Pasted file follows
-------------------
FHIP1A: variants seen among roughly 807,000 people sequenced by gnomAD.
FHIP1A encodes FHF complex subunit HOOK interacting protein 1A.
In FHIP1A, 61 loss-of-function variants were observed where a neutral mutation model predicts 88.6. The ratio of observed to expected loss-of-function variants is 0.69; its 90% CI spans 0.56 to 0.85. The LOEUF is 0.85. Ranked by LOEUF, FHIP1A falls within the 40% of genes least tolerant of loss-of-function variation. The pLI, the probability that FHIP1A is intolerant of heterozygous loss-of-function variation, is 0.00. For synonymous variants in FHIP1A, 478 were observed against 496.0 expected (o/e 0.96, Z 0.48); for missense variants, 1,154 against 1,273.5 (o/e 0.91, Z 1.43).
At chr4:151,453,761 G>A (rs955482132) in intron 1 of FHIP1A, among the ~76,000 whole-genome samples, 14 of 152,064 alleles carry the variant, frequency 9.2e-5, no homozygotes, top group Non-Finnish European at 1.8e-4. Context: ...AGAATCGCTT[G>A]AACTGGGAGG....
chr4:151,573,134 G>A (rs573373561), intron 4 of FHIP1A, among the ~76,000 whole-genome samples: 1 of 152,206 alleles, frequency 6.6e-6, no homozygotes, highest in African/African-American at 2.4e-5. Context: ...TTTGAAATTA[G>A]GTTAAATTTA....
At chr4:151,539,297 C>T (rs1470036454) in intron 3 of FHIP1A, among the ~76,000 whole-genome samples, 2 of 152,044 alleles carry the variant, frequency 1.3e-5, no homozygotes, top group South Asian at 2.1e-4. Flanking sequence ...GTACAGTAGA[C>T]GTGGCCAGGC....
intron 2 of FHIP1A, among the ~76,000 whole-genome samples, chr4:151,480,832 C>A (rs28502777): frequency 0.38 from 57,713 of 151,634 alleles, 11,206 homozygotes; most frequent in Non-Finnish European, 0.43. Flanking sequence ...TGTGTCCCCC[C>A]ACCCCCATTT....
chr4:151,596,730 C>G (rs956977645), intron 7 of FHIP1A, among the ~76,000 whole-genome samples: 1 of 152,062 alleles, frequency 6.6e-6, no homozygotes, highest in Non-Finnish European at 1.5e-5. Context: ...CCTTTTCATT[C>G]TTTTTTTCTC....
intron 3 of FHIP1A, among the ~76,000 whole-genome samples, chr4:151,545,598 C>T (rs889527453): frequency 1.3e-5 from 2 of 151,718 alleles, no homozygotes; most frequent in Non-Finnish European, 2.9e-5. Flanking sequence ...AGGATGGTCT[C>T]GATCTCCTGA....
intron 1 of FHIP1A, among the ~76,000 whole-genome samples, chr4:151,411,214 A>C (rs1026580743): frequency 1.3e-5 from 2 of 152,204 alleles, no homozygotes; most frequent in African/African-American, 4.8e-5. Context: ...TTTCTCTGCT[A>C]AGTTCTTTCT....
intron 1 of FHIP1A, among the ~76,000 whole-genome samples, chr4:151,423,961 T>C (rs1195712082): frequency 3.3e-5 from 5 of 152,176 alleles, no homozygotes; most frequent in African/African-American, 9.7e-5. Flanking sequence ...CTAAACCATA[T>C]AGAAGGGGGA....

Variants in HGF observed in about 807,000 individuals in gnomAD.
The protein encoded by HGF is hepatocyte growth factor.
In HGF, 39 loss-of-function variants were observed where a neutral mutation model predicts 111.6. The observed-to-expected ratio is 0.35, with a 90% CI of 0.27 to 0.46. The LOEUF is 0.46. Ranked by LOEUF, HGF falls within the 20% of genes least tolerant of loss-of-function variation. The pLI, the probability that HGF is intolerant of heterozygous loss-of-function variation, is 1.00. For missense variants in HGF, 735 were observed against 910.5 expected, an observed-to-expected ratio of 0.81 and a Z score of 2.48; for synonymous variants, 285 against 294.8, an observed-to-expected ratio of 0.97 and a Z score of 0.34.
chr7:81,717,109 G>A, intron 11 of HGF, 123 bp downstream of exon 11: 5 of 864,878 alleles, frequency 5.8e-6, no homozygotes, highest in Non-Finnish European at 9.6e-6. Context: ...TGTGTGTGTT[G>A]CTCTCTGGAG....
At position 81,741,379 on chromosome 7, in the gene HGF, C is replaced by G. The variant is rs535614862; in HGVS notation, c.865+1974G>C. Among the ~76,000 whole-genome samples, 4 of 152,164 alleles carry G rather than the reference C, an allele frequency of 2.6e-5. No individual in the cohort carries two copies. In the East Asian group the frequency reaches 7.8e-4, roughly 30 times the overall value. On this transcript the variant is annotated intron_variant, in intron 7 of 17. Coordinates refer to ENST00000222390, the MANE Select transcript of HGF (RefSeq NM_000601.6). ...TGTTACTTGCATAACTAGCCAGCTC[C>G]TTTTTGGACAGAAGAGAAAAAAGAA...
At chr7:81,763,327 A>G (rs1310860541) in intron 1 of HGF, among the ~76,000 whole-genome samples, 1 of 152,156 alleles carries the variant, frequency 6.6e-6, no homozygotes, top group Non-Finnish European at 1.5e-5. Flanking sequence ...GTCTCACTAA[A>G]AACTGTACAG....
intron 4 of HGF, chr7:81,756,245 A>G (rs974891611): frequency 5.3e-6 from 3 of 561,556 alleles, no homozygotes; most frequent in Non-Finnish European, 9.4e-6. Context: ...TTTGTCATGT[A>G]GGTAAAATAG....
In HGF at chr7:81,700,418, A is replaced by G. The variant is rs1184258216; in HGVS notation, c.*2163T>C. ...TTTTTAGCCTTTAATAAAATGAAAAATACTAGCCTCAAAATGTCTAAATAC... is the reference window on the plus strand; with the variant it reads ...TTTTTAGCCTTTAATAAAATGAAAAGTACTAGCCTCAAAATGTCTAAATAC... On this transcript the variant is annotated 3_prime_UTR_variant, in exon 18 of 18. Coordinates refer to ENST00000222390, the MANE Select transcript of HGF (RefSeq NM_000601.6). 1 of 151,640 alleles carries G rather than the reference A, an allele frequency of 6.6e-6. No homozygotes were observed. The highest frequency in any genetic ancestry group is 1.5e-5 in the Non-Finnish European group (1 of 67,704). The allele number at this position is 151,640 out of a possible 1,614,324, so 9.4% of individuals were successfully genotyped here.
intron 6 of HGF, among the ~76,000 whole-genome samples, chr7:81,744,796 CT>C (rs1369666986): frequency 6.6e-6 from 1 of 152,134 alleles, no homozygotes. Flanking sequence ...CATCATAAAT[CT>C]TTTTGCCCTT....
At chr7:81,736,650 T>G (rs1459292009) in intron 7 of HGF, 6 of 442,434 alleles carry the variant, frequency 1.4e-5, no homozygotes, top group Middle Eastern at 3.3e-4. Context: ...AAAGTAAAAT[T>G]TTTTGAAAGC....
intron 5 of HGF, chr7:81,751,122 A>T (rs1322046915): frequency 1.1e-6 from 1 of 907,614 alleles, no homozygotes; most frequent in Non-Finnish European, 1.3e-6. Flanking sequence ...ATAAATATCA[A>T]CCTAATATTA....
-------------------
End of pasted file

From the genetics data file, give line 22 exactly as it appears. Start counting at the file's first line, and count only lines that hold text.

intron 5 of HGF, chr7:81,751,122 A>T (rs1322046915): frequency 1.1e-6 from 1 of 907,614 alleles, no homozygotes; most frequent in Non-Finnish European, 1.3e-6. Flanking sequence ...ATAAATATCA[A>T]CCTAATATTA....